Step lengths and turn angles are, however, just two of many possible metrics that could be used to describe movement paths. Incorporating other path metrics into state-space movement models may improve their ability to differentiate among behavioural states. For instance, cervid space use and movement is influenced by habitat (Boyce et al. 2003; Morales et al. 2004), time of day (Forester et al. 2007), proximity and direction to features such as roads (Frair et al. 2008) or human activity (Hebblewhite et al. 2005), conspecifics/herd size (Haydon et al. 2008; Fortin et al. 2009), predation risk (Fortin et al. 2005; Frair et al. 2005; Hebblewhite et al. 2005) and forage (Fortin et al. 2005; Forester et al. 2007). These effects can be quantified using a variety of spatial descriptors, such as containment (is the animal within a given habitat?), proximity (what is the distance to a feature/habitat?), visibility (is another entity or place visible from a location?), crossing (is a feature crossed when moving between consecutive locations?) and adjacency (do two features touch?). The combination of effect and summary statistic that is most relevant for distinguishing among behavioural states will depend on the biology of the animal and the set of other states considered. Thus, the addition of descriptor variables may increase both classification accuracy and the number of behavioural states that can be distinguished.

Importantly, this work demonstrates that the classification accuracy of behavioural states can be estimated based on the separation between the fitted step length and turn angle distributions. This is useful because independent behavioural validation data rarely exist to quantify classification accuracy. When applying state-space movement models to real data, such as the moose telemetry data in our case study, stochastic simulations of the best fit model can be performed to quantify the relationship between classification accuracy, separation of the distributions and the relative frequency of the states. As demonstrated here, these relationships can then be used to estimate both overall classification accuracy and the classification accuracy of individual locations, which could then be used as weightings in subsequent analyses such as resource preference analyses.

A corollary of this work is that, when applied to real animal data, the behavioural states quantified by these state-space models will not necessarily correspond to specific behaviours, but rather to collections of behaviours that have similar movement characteristics. The encamped state, for instance, may reflect several behaviours that occur when animals are moving little (foraging, resting, etc.). Furthermore, animal behaviour occurs across a wide range of temporal scales and although state-space models can be used to infer behaviours occurring on coarser temporal scales than the sampling interval (McClintock et al. 2012), they will not be able to distinguish among behaviours occurring on finer temporal scales than the location sampling interval. Thus, caution must be exercised when interpreting modelled behavioural states in the context of real animal behaviour. In some cases modelled behavioural states may be closely linked to real behaviours, but this is likely to vary widely among individuals and species, and as a function of the location sampling interval. When designing a telemetry study it is important to consider the temporal scale at which animal behaviours that are relevant to the questions motivating the study are expressed; if the telemetry sampling interval is too coarse there will be limited scope to make inferences regarding these behaviours.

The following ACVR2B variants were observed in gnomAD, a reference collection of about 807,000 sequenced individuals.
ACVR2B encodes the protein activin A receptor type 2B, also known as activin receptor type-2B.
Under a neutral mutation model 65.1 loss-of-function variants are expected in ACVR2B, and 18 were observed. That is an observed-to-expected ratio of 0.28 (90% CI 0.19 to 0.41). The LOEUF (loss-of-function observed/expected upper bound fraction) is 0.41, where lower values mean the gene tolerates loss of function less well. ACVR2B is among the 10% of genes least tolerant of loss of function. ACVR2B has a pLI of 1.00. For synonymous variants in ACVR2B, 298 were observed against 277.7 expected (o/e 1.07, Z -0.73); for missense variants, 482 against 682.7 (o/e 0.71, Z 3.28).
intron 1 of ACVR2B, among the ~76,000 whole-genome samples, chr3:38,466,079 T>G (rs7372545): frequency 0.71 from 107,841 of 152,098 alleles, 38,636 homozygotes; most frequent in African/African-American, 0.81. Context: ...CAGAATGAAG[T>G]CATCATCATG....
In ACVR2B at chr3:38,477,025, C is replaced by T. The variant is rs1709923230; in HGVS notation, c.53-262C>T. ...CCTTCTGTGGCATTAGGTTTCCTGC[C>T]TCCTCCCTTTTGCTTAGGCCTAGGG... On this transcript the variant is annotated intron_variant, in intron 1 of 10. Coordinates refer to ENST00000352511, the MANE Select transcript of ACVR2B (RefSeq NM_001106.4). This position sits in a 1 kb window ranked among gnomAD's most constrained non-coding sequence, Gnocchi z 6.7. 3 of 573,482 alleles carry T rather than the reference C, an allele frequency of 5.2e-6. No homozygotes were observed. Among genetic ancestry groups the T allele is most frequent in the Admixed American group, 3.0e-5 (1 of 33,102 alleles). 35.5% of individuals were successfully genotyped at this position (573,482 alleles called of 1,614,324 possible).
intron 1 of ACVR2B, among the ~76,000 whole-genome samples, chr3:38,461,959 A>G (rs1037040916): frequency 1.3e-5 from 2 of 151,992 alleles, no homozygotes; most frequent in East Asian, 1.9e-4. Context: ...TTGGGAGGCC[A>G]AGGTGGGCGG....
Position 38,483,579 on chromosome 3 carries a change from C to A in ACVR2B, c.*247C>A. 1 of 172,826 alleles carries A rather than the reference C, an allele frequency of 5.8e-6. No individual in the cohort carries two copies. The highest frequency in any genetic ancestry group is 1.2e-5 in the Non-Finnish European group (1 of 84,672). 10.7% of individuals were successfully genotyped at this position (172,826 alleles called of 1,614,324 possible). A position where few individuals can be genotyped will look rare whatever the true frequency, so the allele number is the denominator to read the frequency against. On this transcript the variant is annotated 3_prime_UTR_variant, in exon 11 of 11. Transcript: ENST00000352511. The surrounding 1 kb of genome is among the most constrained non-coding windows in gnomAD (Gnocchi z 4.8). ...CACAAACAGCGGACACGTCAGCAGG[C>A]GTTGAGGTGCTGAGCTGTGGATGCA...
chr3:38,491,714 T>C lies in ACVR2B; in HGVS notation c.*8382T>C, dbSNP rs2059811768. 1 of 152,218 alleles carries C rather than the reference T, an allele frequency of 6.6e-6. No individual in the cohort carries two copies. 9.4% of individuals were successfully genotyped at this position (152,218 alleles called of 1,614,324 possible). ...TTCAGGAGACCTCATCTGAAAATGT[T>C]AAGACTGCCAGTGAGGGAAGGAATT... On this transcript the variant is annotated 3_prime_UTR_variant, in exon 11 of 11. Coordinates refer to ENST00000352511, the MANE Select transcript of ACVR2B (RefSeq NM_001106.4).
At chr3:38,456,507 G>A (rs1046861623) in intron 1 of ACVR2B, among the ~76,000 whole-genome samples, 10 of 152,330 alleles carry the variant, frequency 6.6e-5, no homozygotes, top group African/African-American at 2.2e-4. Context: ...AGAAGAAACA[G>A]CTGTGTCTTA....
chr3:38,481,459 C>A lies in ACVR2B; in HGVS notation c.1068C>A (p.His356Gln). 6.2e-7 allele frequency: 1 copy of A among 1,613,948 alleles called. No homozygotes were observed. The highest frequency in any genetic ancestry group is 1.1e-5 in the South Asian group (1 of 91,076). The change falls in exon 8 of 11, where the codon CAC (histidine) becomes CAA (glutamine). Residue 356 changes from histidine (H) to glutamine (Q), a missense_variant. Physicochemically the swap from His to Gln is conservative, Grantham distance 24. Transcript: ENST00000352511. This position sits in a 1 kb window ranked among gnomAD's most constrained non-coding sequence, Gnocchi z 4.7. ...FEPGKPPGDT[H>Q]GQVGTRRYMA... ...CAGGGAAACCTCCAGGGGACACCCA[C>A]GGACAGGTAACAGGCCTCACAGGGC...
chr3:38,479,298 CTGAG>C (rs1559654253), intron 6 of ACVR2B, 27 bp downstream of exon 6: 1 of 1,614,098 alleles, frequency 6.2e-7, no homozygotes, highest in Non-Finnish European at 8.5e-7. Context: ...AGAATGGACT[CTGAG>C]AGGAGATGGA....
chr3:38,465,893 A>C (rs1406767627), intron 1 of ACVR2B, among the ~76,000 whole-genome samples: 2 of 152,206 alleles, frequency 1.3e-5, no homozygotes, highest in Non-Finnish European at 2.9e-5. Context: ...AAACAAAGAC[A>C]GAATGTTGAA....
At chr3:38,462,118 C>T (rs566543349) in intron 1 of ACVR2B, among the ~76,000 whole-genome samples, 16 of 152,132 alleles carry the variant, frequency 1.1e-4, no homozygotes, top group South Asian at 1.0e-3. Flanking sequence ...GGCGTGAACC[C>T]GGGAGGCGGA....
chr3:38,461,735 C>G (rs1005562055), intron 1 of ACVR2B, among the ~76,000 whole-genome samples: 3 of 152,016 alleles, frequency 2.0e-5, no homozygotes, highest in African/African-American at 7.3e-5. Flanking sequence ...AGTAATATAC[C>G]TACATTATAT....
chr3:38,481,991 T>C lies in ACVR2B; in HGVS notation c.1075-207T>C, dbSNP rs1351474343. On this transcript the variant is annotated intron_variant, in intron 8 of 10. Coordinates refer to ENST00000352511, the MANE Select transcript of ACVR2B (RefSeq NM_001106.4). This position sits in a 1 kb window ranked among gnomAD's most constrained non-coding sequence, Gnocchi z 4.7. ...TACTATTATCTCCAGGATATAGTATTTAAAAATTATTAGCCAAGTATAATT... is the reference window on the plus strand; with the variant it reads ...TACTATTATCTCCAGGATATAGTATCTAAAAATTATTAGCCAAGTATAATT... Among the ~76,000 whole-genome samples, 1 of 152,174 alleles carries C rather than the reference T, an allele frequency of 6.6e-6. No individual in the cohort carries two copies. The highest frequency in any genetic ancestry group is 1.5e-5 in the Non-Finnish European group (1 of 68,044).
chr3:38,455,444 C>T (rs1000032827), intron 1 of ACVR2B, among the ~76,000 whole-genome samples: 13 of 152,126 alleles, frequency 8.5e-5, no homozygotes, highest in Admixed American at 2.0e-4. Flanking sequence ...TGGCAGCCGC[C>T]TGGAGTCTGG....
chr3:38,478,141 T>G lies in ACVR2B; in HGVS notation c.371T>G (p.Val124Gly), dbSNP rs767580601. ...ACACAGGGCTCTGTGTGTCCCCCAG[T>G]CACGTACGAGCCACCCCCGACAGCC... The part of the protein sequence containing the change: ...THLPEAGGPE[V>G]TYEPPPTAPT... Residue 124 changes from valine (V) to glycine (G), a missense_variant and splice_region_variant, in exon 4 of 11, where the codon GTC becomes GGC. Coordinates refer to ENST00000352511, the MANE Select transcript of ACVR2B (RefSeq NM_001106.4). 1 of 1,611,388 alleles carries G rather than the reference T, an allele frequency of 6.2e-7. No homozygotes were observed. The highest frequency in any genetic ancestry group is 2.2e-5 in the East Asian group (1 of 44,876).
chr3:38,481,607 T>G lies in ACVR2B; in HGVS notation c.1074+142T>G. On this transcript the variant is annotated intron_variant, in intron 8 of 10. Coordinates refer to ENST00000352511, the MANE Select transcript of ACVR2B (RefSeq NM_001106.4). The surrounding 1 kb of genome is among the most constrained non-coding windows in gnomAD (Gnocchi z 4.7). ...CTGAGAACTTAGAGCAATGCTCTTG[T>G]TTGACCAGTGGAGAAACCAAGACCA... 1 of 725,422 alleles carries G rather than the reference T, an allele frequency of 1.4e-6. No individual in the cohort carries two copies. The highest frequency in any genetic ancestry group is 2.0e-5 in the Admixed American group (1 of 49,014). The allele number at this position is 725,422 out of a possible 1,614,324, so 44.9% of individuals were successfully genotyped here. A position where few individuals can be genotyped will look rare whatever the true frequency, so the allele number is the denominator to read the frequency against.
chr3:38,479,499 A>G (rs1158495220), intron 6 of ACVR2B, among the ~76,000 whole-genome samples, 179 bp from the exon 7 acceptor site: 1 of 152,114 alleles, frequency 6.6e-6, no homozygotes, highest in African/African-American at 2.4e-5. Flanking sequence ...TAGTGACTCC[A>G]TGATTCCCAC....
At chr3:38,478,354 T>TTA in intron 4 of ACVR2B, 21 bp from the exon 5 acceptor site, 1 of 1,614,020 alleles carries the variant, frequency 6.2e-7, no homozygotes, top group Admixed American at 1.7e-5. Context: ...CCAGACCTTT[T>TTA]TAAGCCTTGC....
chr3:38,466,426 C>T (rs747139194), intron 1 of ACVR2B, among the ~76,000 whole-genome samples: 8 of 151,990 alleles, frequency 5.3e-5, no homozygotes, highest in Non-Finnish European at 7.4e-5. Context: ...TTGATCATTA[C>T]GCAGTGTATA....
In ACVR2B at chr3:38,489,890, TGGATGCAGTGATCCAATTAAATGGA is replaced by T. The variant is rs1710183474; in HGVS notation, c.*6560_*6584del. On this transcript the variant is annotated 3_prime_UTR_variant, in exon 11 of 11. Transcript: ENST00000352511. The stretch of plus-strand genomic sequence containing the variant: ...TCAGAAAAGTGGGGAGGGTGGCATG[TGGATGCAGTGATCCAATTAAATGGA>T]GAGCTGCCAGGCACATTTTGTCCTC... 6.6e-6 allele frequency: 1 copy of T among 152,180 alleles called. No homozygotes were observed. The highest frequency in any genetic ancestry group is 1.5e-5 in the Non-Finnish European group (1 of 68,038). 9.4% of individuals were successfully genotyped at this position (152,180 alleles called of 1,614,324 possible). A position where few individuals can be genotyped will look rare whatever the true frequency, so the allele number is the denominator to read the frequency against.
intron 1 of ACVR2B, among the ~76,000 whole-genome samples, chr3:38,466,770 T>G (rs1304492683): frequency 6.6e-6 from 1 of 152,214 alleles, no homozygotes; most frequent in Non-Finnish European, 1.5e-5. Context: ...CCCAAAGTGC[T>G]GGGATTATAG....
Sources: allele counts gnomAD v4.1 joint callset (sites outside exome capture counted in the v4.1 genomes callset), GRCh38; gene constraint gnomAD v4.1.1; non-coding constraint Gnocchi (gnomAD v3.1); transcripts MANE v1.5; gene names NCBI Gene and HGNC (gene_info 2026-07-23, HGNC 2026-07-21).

If classification accuracies are low (perhaps math formula) then limited confidence could be placed on inferences based on the behavioural state classifications. In our case study, we found that classification accuracies were moderately high (mean 0·61), implying that the simple two-state model provides a reasonable fit to these moose movement paths for many of the animals. It is likely, however, that a more ecologically realistic movement model incorporating habitat and behavioural effects would provide a better fit to the data and more valuable insight into moose space use. The variation in classification accuracy we observed among individuals (range 0·49–0·72) may reflect differences in individual movement strategies. Fitting a suite of competing models that are ranked using DIC would provide useful insight into these individual strategies and is likely to improve classification accuracy (but see comments on model selection below). Understanding variation in space use strategies among individuals in the context of differences in habitat and experience (e.g. memory, site fidelity) is an important goal for future research.